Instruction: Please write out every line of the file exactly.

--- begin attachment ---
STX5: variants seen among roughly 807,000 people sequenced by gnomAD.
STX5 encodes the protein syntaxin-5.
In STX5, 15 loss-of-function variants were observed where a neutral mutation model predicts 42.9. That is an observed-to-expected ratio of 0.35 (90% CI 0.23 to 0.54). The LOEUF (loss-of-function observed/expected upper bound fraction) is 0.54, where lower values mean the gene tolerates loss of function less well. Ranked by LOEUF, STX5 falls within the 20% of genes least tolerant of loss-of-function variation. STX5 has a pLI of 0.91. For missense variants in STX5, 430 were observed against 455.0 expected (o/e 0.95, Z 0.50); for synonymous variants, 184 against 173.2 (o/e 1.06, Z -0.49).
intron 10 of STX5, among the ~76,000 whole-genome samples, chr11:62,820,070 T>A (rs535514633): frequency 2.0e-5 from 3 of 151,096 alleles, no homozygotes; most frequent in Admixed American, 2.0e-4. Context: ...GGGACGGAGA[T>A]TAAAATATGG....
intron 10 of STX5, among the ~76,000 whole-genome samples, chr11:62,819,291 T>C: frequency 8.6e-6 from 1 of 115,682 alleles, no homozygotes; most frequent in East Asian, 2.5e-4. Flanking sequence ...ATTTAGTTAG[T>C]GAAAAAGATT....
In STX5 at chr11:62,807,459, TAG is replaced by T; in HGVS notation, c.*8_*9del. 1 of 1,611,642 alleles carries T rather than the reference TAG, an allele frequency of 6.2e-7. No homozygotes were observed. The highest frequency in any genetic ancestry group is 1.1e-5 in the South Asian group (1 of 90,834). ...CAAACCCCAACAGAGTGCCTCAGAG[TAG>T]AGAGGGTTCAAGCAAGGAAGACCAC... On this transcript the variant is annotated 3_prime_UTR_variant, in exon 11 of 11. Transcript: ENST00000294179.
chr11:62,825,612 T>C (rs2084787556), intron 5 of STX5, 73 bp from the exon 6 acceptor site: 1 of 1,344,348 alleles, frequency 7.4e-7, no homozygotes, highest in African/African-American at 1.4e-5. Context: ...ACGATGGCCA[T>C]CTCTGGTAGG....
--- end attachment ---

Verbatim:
STX5: variants seen among roughly 807,000 people sequenced by gnomAD.
STX5 encodes the protein syntaxin-5.
In STX5, 15 loss-of-function variants were observed where a neutral mutation model predicts 42.9. That is an observed-to-expected ratio of 0.35 (90% CI 0.23 to 0.54). The LOEUF (loss-of-function observed/expected upper bound fraction) is 0.54, where lower values mean the gene tolerates loss of function less well. Ranked by LOEUF, STX5 falls within the 20% of genes least tolerant of loss-of-function variation. STX5 has a pLI of 0.91. For missense variants in STX5, 430 were observed against 455.0 expected (o/e 0.95, Z 0.50); for synonymous variants, 184 against 173.2 (o/e 1.06, Z -0.49).
intron 10 of STX5, among the ~76,000 whole-genome samples, chr11:62,820,070 T>A (rs535514633): frequency 2.0e-5 from 3 of 151,096 alleles, no homozygotes; most frequent in Admixed American, 2.0e-4. Context: ...GGGACGGAGA[T>A]TAAAATATGG....
intron 10 of STX5, among the ~76,000 whole-genome samples, chr11:62,819,291 T>C: frequency 8.6e-6 from 1 of 115,682 alleles, no homozygotes; most frequent in East Asian, 2.5e-4. Flanking sequence ...ATTTAGTTAG[T>C]GAAAAAGATT....
In STX5 at chr11:62,807,459, TAG is replaced by T; in HGVS notation, c.*8_*9del. 1 of 1,611,642 alleles carries T rather than the reference TAG, an allele frequency of 6.2e-7. No homozygotes were observed. The highest frequency in any genetic ancestry group is 1.1e-5 in the South Asian group (1 of 90,834). ...CAAACCCCAACAGAGTGCCTCAGAG[TAG>T]AGAGGGTTCAAGCAAGGAAGACCAC... On this transcript the variant is annotated 3_prime_UTR_variant, in exon 11 of 11. Transcript: ENST00000294179.
chr11:62,825,612 T>C (rs2084787556), intron 5 of STX5, 73 bp from the exon 6 acceptor site: 1 of 1,344,348 alleles, frequency 7.4e-7, no homozygotes, highest in African/African-American at 1.4e-5. Context: ...ACGATGGCCA[T>C]CTCTGGTAGG....